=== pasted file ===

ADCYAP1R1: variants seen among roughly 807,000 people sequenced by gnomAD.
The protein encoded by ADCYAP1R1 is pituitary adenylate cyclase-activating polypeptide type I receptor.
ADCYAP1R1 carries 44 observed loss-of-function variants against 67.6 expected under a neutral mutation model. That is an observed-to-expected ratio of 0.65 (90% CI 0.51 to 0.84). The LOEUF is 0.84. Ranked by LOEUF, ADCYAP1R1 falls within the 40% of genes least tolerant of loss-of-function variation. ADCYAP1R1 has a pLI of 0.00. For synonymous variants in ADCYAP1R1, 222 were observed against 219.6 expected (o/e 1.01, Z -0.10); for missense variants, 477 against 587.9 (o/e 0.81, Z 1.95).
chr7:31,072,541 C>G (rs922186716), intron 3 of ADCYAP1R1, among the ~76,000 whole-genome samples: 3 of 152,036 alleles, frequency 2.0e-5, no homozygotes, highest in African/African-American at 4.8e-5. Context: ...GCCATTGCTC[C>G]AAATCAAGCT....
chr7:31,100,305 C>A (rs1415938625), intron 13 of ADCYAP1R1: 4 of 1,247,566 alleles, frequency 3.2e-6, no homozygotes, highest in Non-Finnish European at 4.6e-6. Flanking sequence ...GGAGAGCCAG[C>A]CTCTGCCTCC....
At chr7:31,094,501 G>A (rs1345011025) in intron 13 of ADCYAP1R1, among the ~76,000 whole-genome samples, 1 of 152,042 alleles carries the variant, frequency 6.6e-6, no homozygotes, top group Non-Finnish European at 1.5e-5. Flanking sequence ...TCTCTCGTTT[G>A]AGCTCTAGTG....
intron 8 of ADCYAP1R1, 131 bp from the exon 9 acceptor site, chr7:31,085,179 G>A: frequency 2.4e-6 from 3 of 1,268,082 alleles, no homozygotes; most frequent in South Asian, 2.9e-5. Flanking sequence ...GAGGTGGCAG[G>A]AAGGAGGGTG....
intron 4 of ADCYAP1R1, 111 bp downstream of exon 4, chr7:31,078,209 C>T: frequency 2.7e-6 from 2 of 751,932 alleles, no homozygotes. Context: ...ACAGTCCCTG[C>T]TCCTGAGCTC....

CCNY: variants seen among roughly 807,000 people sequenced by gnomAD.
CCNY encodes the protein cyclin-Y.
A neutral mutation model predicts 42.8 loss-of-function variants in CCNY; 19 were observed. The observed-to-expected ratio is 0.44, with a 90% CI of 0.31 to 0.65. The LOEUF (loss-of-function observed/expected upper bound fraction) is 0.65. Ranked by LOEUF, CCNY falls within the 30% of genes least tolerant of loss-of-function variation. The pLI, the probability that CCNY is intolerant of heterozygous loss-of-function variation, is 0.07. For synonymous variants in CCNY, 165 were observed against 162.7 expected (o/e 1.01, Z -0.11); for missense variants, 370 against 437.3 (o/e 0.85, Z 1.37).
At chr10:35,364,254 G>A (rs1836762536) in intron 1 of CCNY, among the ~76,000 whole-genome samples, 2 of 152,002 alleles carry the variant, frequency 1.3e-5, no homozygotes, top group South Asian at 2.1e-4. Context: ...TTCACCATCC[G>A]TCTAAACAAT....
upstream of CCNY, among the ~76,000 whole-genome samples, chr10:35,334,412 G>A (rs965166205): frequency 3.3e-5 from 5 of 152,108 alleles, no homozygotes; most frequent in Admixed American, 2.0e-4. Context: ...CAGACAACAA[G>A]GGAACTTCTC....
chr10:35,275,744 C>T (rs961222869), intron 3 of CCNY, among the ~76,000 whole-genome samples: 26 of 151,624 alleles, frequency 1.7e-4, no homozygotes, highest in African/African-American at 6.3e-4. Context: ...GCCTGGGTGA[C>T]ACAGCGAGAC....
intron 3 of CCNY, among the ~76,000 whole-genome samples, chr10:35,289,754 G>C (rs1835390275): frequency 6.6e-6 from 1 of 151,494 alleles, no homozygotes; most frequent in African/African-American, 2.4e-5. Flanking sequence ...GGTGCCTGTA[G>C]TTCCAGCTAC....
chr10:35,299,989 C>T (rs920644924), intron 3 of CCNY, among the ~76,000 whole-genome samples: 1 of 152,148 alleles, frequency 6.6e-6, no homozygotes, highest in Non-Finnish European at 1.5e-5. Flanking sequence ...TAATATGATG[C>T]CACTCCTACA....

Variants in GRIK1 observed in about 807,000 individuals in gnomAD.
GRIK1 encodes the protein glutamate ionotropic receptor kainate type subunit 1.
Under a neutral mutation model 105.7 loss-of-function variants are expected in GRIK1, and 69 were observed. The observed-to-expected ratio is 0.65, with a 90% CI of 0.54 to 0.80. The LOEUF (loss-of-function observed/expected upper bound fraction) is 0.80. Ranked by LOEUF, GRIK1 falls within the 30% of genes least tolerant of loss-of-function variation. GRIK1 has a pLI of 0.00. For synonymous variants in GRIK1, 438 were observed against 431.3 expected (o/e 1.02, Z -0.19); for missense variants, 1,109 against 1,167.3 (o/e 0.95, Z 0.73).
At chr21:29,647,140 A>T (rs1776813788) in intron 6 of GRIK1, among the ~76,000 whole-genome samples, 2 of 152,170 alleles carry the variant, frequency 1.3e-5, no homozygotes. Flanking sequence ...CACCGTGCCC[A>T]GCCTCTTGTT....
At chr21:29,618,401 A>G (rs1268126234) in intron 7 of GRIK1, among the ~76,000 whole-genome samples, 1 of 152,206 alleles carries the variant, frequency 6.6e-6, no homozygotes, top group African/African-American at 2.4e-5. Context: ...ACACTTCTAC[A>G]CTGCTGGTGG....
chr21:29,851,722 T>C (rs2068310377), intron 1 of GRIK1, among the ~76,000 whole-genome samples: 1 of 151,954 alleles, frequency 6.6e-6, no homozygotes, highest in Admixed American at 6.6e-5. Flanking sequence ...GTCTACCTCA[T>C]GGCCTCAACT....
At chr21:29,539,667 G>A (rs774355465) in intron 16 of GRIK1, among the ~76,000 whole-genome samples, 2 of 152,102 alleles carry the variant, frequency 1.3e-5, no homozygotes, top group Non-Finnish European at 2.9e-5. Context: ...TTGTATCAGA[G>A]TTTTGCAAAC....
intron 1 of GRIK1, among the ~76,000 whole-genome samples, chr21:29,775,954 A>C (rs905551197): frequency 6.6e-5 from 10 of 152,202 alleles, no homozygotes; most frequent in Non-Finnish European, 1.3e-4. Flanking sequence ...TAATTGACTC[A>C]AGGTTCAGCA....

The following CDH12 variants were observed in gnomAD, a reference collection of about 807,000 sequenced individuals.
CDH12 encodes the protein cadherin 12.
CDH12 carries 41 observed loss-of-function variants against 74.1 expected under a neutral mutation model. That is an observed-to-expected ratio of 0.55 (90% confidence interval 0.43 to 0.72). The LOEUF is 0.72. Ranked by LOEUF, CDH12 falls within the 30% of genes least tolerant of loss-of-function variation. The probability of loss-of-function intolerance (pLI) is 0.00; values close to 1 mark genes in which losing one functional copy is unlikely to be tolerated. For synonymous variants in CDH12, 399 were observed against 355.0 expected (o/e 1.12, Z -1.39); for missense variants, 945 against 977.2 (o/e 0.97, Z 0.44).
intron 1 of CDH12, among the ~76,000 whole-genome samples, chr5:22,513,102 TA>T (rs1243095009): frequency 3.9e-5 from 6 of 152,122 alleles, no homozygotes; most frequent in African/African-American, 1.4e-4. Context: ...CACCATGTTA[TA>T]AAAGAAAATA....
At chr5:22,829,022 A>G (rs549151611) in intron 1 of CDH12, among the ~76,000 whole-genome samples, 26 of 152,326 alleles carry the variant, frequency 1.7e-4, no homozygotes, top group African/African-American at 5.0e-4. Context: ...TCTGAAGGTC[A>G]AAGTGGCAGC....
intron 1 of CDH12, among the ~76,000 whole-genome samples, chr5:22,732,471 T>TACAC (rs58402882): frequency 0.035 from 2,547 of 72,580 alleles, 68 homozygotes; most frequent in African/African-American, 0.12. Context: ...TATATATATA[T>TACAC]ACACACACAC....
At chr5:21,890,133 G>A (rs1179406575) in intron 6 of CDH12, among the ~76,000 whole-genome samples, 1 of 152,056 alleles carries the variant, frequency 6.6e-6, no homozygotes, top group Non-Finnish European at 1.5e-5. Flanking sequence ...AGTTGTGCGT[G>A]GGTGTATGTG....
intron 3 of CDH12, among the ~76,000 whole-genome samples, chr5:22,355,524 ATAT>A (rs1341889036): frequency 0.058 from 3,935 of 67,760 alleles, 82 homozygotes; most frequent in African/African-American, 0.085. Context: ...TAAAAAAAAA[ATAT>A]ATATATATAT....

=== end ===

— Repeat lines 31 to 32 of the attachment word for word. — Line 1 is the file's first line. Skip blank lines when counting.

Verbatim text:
At chr5:21,890,133 G>A (rs1179406575) in intron 6 of CDH12, among the ~76,000 whole-genome samples, 1 of 152,056 alleles carries the variant, frequency 6.6e-6, no homozygotes, top group Non-Finnish European at 1.5e-5. Flanking sequence ...AGTTGTGCGT[G>A]GGTGTATGTG....
intron 3 of CDH12, among the ~76,000 whole-genome samples, chr5:22,355,524 ATAT>A (rs1341889036): frequency 0.058 from 3,935 of 67,760 alleles, 82 homozygotes; most frequent in African/African-American, 0.085. Context: ...TAAAAAAAAA[ATAT>A]ATATATATAT....